Kansas Archeology Training Program Field School -- June 1-15, 2017
Archeological Investigation of the Quixote Site (14JF420)--
No Jousting with Windmills in Jefferson County
The Kansas Archeology Training Program field school will investigate the Quixote site (14JF420), June 1-15, 2017. The Kansas Anthropological Association’s own ingenious gentleman, Milton Reichart of Valley Falls, discovered the site in 1973 and named it for the remnant of a windmill on one of two house or midden mounds (Cervantes 1605). Located on land owned by the U.S. Army Corps of Engineers, it was one of 17 prehistoric sites evaluated in 1988 for National Register of Historic Places eligibility in the Perry Lake Project Area, which encompasses a segment of the Delaware River and adjacent terrain. The Quixote site is a Late Plains Woodland habitation of the Grasshopper Falls phase (Keehner 2015; Logan 2006; Reichart 1998; Reynolds 1979, 1981). Undisturbed by cultivation, it promises to provide insight into human adaptations around A.D. 500-1000.
Dr. Brad Logan, Research Associate Professor of Archaeology at Kansas State University, will be the principal investigator of the field school. Logan received his M.A. in anthropology from the University of Nevada-Reno and his Ph.D. from the University of Kansas. Before taking his present position at KSU, he was director of the Office of Archaeological Research and senior curator at the KU Museum of Anthropology. Logan has more than 40 years of archeological experience, including fieldwork in the Great Plains, Great Basin, and Europe. He has worked under contract with numerous federal agencies and the National Endowment for the Humanities and directed 16 sessions of the Kansas Archaeological Field School. He also participated in the 2001 KATP field school in Atchison and Doniphan counties. He has published many technical reports and articles in scholarly journals, including The Kansas Anthropologist. His research reflects a broad interest in culture history and process, settlement-subsistence practices, spatial analysis, and environmental archeology (geoarchaeology, zooarchaeology); in particular, he has focused on prehistoric, ceramic-age (ca. A.D. 1-1500) cultures in the central Great Plains. Logan has served as president of the Association of Professional Archaeologists of Kansas, book review editor for Plains Anthropologist, board member of the Plains Anthropological Society, and vice-president of the Nebraska Association of Professional Archeologists.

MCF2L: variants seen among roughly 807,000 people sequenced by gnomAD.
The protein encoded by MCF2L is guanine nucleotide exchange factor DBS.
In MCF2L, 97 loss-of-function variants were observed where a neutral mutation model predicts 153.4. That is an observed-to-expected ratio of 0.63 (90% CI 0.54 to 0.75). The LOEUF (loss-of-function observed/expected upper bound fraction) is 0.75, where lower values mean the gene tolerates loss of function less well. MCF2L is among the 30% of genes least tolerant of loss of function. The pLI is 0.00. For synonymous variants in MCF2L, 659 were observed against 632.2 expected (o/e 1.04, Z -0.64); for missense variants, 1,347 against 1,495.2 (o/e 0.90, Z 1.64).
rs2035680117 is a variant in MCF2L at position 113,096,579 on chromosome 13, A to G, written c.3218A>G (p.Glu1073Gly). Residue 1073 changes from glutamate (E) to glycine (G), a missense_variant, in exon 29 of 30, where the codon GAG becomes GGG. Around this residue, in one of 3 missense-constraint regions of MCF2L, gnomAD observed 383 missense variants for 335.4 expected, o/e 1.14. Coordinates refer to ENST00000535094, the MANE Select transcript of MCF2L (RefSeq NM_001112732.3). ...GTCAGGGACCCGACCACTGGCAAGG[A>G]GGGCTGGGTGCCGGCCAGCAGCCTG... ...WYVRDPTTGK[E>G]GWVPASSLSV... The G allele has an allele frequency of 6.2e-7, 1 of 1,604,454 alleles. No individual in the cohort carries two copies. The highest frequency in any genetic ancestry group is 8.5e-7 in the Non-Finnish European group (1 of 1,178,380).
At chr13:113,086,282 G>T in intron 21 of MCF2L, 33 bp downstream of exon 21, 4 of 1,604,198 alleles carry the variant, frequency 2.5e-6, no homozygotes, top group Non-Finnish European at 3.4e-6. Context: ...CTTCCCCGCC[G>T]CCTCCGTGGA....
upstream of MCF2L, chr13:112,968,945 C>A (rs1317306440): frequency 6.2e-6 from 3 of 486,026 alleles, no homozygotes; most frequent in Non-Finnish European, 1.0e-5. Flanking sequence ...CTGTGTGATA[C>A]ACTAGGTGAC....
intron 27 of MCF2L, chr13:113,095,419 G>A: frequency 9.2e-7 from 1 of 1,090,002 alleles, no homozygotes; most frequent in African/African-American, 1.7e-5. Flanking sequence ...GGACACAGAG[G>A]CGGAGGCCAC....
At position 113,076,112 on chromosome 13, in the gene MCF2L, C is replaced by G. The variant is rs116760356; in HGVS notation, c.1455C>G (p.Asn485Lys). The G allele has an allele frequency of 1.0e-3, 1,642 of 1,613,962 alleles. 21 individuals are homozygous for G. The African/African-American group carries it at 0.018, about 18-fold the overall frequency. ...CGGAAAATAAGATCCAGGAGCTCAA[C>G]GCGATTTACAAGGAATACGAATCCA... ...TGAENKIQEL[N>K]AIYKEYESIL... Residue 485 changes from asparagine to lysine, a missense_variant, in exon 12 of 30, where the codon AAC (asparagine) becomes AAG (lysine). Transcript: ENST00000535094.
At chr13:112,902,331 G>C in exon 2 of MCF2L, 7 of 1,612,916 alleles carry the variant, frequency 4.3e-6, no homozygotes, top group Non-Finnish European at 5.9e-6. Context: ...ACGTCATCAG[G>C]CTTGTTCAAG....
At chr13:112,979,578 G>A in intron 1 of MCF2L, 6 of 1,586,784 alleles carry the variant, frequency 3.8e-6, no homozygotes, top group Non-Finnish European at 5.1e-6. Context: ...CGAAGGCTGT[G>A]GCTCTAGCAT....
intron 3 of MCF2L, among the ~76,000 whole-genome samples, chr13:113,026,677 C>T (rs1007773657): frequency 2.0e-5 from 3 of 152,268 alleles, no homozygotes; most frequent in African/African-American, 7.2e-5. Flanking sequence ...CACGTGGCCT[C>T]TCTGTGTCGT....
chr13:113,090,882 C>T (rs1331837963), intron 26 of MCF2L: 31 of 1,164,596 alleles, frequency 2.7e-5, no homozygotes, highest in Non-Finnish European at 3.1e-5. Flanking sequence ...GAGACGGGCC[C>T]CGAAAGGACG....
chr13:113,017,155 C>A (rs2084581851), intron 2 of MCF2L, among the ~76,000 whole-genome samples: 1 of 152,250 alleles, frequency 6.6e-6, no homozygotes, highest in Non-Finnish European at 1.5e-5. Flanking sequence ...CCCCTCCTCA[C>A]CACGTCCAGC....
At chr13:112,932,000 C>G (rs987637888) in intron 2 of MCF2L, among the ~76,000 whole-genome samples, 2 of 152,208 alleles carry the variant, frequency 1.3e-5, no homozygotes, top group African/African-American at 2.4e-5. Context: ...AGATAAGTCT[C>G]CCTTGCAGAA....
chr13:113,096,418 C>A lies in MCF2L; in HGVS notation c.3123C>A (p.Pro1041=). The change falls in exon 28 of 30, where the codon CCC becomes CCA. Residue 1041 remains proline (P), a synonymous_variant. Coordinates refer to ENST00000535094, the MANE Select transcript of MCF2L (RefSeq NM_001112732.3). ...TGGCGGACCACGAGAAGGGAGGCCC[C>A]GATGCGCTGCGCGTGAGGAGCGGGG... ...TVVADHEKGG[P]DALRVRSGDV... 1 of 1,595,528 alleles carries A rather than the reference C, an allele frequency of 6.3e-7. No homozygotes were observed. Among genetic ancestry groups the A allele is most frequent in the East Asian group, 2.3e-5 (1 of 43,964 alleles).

In the summer of 1988, Logan directed the Perry Lake Project fieldwork, including the testing of 14JF420 (Logan and Fosha 1991). Based on this previous work and subsequent research at other Late Plains Woodland sites, he poses seven research questions that will guide the 2017 field school investigations:
· Does the site represent continuous or periodic occupation?
· Does the fact that the site has two mounds reflect either social organization or population size or both?
· What information about the nature of subsistence and season or duration of occupation may be provided by floral remains?